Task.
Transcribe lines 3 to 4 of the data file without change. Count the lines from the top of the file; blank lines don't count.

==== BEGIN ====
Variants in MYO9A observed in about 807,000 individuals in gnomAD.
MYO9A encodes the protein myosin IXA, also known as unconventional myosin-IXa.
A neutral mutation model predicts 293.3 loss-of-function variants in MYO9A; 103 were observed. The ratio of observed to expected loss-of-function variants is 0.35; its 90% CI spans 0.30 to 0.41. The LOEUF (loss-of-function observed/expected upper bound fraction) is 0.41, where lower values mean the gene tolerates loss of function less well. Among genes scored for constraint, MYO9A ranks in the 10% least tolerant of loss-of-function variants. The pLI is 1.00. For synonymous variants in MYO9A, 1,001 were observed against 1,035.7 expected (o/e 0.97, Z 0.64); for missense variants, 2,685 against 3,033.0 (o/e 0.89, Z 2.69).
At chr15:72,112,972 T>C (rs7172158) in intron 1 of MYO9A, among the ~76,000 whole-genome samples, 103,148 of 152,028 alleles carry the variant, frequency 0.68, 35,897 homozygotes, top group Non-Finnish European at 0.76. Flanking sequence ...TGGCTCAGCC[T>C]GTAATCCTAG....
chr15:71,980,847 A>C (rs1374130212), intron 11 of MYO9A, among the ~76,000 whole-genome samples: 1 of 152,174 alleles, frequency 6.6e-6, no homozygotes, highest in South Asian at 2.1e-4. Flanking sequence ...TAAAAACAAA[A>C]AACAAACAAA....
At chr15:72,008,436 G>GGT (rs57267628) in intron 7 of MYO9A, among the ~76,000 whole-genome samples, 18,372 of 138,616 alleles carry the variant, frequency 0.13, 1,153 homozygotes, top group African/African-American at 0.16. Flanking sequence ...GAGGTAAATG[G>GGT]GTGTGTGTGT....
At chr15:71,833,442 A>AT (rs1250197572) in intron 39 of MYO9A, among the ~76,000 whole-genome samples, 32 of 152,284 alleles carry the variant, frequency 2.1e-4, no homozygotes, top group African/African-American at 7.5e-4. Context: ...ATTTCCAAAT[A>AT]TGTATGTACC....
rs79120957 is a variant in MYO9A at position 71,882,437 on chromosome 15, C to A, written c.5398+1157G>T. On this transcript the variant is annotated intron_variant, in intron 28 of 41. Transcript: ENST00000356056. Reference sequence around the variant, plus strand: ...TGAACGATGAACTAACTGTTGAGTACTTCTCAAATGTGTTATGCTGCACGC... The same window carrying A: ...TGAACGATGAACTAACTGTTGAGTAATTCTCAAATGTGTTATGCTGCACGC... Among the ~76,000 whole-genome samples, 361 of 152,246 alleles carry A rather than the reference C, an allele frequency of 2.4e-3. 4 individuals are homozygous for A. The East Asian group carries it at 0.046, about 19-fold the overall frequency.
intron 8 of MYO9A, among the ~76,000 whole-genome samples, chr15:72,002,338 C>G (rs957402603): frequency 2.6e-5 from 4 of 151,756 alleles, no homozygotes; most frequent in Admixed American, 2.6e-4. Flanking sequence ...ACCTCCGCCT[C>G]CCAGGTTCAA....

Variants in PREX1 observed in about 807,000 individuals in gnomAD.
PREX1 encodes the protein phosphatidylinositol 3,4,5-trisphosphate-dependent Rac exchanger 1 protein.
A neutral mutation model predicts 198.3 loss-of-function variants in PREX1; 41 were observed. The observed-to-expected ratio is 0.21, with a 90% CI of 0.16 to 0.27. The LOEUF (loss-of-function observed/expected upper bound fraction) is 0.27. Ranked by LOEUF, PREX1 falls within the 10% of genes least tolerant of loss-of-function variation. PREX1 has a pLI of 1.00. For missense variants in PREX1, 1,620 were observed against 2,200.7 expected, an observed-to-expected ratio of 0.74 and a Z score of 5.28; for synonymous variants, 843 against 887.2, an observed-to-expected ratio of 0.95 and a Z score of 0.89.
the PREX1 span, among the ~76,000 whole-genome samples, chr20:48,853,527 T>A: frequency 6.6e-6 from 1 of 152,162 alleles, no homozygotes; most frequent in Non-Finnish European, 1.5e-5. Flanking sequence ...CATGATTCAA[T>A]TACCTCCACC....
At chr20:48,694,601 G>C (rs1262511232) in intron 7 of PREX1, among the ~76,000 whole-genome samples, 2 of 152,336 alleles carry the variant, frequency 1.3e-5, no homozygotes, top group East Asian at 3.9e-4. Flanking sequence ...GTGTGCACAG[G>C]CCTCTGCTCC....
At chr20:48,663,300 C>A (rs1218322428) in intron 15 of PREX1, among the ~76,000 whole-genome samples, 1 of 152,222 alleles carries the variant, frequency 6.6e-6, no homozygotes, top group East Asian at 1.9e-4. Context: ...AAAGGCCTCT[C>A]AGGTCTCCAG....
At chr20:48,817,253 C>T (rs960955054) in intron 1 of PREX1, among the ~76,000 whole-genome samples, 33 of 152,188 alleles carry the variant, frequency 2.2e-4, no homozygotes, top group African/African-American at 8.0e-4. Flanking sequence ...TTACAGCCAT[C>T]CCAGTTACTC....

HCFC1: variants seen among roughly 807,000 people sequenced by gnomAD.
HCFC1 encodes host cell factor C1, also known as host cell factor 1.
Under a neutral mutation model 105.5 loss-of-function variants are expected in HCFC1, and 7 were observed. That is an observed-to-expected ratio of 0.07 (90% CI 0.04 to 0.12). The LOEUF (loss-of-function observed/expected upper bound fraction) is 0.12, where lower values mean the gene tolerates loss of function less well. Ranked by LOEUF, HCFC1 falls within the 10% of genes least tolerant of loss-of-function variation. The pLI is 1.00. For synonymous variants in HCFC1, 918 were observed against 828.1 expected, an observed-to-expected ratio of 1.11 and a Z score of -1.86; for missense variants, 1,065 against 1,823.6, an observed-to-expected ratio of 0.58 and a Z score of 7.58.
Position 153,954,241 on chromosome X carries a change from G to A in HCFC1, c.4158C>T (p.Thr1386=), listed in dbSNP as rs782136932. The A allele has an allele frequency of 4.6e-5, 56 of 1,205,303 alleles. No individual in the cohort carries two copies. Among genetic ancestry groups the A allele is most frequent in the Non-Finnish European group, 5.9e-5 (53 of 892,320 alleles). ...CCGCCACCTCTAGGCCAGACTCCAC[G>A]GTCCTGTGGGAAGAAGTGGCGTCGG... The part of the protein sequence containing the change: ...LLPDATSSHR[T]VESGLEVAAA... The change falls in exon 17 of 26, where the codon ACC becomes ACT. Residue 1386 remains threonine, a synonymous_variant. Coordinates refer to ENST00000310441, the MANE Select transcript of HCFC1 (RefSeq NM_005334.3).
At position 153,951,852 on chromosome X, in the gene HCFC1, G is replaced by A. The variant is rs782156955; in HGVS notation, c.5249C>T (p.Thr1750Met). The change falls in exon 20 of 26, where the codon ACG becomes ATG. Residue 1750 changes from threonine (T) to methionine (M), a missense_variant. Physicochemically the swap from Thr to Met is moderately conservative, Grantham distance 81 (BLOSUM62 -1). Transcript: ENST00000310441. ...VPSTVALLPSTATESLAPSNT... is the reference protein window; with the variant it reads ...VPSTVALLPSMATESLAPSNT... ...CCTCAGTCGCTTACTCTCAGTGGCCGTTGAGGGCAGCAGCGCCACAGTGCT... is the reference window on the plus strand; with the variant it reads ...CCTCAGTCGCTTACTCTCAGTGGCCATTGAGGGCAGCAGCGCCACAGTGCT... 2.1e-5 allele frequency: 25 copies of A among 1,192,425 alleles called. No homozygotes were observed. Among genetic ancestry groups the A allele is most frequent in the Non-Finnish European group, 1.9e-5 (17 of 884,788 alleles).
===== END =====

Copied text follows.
A neutral mutation model predicts 293.3 loss-of-function variants in MYO9A; 103 were observed. The ratio of observed to expected loss-of-function variants is 0.35; its 90% CI spans 0.30 to 0.41. The LOEUF (loss-of-function observed/expected upper bound fraction) is 0.41, where lower values mean the gene tolerates loss of function less well. Among genes scored for constraint, MYO9A ranks in the 10% least tolerant of loss-of-function variants. The pLI is 1.00. For synonymous variants in MYO9A, 1,001 were observed against 1,035.7 expected (o/e 0.97, Z 0.64); for missense variants, 2,685 against 3,033.0 (o/e 0.89, Z 2.69).
At chr15:72,112,972 T>C (rs7172158) in intron 1 of MYO9A, among the ~76,000 whole-genome samples, 103,148 of 152,028 alleles carry the variant, frequency 0.68, 35,897 homozygotes, top group Non-Finnish European at 0.76. Flanking sequence ...TGGCTCAGCC[T>C]GTAATCCTAG....